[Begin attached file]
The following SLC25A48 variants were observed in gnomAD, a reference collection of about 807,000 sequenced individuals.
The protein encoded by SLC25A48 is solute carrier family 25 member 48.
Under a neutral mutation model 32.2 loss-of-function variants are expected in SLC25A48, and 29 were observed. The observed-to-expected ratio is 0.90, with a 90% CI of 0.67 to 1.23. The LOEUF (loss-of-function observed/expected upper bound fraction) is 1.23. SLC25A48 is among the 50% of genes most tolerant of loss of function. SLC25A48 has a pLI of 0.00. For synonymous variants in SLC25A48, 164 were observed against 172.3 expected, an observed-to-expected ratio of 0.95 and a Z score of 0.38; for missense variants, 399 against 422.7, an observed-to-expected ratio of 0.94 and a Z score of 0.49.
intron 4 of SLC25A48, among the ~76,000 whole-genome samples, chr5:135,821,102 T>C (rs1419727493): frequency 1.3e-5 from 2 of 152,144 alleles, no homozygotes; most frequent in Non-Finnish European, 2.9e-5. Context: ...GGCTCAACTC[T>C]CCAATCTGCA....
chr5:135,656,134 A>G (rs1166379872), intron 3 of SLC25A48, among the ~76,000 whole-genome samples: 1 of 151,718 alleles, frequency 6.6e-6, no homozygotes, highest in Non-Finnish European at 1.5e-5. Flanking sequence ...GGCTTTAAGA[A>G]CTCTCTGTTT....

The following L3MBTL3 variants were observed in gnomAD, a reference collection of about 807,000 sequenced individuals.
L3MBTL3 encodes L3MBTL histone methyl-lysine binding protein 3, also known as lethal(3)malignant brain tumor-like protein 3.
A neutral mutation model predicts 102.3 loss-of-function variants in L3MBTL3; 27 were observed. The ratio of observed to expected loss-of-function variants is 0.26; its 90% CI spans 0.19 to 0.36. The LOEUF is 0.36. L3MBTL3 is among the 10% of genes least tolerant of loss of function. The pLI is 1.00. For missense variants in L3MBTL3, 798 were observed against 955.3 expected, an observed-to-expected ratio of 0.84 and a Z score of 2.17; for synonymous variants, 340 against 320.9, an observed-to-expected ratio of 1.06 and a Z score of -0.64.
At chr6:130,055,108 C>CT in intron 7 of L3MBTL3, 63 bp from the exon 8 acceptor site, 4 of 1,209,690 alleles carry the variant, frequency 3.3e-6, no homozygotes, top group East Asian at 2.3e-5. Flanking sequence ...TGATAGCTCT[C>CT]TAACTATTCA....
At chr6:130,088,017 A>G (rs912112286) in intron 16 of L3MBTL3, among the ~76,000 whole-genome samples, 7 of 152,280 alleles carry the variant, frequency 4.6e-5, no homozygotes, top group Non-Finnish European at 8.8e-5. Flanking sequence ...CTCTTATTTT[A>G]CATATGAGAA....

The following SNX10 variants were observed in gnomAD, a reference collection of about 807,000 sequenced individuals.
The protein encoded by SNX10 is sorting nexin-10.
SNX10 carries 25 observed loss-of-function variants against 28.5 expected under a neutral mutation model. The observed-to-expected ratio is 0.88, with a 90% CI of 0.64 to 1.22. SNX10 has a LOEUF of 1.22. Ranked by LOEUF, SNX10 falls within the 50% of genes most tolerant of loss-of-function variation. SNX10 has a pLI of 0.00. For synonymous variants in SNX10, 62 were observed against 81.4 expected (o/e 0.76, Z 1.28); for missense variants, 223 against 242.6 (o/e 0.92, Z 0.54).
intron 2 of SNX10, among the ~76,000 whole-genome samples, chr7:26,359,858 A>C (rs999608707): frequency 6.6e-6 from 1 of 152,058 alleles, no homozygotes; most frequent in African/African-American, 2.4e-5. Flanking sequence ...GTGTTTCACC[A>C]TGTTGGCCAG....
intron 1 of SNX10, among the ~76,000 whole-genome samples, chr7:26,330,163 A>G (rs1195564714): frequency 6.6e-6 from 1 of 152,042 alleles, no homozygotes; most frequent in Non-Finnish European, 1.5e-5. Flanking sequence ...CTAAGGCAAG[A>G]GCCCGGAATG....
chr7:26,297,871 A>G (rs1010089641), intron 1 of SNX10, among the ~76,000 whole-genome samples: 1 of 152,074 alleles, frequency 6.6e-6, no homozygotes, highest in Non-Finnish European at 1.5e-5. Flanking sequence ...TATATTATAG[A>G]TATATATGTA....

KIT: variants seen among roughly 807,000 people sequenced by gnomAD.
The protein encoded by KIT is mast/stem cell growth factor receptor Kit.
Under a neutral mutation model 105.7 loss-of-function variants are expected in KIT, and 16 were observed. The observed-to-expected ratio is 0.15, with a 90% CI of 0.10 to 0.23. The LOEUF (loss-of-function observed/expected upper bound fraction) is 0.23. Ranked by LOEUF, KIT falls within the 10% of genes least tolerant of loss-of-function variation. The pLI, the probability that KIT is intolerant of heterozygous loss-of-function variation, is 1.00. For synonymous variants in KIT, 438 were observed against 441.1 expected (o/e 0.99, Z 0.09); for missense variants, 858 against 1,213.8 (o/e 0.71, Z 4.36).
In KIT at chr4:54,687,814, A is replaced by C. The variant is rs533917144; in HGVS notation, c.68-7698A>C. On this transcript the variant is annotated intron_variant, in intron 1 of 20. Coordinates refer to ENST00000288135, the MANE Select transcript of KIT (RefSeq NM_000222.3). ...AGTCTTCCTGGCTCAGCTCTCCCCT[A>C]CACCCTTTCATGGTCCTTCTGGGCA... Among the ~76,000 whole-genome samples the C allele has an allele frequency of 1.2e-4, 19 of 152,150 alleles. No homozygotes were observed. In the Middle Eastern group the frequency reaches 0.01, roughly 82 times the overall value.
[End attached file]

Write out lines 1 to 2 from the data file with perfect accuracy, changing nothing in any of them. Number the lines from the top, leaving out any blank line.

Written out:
The following SLC25A48 variants were observed in gnomAD, a reference collection of about 807,000 sequenced individuals.
The protein encoded by SLC25A48 is solute carrier family 25 member 48.